The data also prompted anger from gender equality groups. Anna Bird, acting chief executive of the Fawcett Society, said: 'These new figures must act as a wake-up call to Government - we are in a time of crisis. 'Cuts are threatening women's equality as jobs dry up, benefits are slashed and vital public services disappear.'

A record number of people are working part-time because they cannot find full-time jobs - up by 83,000 over the latest quarter to 1.35 million.

Employment increased by 60,000 to 29 million, mainly due to a rise of 90,000 in the number of part-time employees to 6.6 million.

Other data from the Office for National Statistics showed a 22,000 increase in youth unemployment to 1.04 million, which includes 307,000 in full-time education who were looking for work. The 48,000 increase in unemployment was the smallest quarterly rise since last summer.

Economic inactivity, which includes students, long-term sick, people who have retired early or those who have given up looking for work, fell by 78,000 to 9.29 million, 23 per cent of the working age population.

Average pay increased by 2 per cent in the year to December, unchanged from the previous month, although in the public sector it fell by 0.2 per cent to 1.7 per cent, the lowest figure since records began in 2001.

There were 1.39 million days lost through industrial disputes in the year to last December, the highest figure since 2002.

Around 164,000 workers were made redundant or took voluntary redundancy in the final quarter of last year, up by 17,000 from the three months to September.

The number of job vacancies increased by 11,000 in recent months to 476,000, although this was 21,000 down on a year ago.

The Government said the figures showed that despite continuing economic challenges, the labour market was stabilising. Minister for Welfare Reform Lord Freud said: 'The latest figures show some encouraging signs of stability despite the challenging economic climate. 'With more people in employment and a rise in vacancies, it is clear the private sector is still creating jobs

'However, we are not complacent. With more people in the labour market we know that competition for those jobs is tough and we will continue to make it our priority to find people work.'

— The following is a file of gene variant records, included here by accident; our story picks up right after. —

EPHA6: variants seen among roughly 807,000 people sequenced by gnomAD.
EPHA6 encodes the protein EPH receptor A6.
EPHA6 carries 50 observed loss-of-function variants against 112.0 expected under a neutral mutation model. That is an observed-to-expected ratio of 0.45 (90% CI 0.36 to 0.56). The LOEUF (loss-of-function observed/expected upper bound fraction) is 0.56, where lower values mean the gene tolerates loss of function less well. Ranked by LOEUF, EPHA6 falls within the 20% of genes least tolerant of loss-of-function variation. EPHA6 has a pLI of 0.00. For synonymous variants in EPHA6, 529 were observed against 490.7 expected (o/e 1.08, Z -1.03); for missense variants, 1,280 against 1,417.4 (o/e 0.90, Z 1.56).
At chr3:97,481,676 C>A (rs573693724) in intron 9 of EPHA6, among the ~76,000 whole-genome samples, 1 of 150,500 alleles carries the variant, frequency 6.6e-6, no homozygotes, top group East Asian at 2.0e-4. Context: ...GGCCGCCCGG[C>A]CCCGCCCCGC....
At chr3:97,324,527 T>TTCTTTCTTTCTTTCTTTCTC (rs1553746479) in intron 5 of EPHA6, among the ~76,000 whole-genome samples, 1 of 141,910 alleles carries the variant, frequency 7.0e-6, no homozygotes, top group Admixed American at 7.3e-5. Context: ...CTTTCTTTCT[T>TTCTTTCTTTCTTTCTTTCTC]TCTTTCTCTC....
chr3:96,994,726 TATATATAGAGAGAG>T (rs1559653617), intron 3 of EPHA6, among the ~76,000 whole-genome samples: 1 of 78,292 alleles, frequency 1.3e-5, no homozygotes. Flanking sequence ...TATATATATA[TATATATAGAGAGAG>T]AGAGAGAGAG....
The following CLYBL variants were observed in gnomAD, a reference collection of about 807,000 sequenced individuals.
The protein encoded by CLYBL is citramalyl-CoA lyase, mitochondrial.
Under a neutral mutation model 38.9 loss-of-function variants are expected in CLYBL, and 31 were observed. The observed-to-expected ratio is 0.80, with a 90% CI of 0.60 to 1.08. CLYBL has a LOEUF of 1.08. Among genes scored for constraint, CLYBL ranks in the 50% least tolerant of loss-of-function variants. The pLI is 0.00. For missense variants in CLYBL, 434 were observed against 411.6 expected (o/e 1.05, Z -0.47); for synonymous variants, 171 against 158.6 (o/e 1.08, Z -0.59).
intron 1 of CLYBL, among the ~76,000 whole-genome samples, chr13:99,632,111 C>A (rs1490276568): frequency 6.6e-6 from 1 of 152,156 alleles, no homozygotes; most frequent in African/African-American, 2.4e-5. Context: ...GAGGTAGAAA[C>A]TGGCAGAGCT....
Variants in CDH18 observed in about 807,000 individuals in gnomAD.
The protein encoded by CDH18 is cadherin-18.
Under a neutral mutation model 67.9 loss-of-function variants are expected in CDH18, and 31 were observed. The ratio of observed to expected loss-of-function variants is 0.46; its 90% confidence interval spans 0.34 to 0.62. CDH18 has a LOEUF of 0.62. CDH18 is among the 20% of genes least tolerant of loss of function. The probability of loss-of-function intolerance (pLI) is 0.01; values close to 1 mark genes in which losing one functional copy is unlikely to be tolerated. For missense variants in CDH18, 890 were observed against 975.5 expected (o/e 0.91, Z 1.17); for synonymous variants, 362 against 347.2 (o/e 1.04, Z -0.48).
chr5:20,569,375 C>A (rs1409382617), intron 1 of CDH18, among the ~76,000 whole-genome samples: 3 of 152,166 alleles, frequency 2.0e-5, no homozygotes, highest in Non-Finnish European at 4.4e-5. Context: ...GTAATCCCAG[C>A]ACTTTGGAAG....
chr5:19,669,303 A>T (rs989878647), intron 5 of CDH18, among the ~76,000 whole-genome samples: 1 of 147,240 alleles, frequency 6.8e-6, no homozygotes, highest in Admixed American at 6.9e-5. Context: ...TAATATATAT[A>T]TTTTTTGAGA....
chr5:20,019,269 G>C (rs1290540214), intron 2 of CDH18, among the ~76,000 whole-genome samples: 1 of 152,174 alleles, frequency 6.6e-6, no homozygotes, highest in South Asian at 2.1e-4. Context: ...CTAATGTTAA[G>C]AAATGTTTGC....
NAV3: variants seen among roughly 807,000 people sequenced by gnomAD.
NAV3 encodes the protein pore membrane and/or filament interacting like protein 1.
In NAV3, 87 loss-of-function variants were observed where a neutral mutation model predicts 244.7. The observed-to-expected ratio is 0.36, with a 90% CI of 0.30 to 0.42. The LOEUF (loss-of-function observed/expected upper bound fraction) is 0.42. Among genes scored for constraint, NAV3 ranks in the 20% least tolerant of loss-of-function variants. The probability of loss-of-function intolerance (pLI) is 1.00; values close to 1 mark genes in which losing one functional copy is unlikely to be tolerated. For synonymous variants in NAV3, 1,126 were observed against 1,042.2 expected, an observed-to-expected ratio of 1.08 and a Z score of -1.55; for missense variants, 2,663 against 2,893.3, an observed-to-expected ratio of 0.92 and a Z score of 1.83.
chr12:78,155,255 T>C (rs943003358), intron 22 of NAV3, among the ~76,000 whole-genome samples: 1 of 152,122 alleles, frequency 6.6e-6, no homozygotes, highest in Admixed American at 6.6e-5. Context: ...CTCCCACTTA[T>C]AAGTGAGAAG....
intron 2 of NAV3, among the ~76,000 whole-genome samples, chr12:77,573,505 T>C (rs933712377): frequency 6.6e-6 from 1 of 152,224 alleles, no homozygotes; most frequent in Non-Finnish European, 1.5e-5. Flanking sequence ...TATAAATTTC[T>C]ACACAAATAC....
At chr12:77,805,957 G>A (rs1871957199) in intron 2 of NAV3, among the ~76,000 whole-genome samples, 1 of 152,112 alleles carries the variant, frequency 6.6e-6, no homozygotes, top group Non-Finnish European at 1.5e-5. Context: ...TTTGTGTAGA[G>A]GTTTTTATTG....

Paul Kenny, general secretary of the GMB union, said: 'Austerity means 2.67 million people are not working. 'As it is clear that austerity and deflation as a policy is not working, it is both surprising and shocking that there are so few demands from Tory backbenches, from the CBI, from the City and from the Liberal and Labour parties that the policy be abandoned in favour of sure fire ways of getting people back to work.

John Salt, of recruitment firm, said: 'Britons are facing their worst employment prospects since the recession began.

The UK's negative Q4 GDP data released last month confirmed the lacklustre growth in the UK economy and this, alongside a backdrop of diminishing demand, has led to nervous employers adapting their 'wait and see' approach to the labour market to start cutting their workforces instead.

'All the more apparent is the widening gap between North and South, with depressed high streets and businesses across the North West and North East struggling to cope with the lack of demand and obstacles to securing finance hindering the North from investing in its workforces.'

TUC general secretary Brendan Barber said: 'These figures are bad, although thankfully not quite the disaster we saw at the end of last year. 'With one in three jobseekers looking for work for over a year, and around six unemployed people for every job, the Government's mantra that there are plenty of jobs out there just doesn't ring true.

'It's encouraging to see a small rise in employment, but this is entirely down to people taking part-time work because there are no full-time jobs available. 'Any job is better than no job at all, even if it's on far lower pay and shorter hours, but people cannot afford to do this indefinitely. We desperately need more full-time jobs paying decent wages.'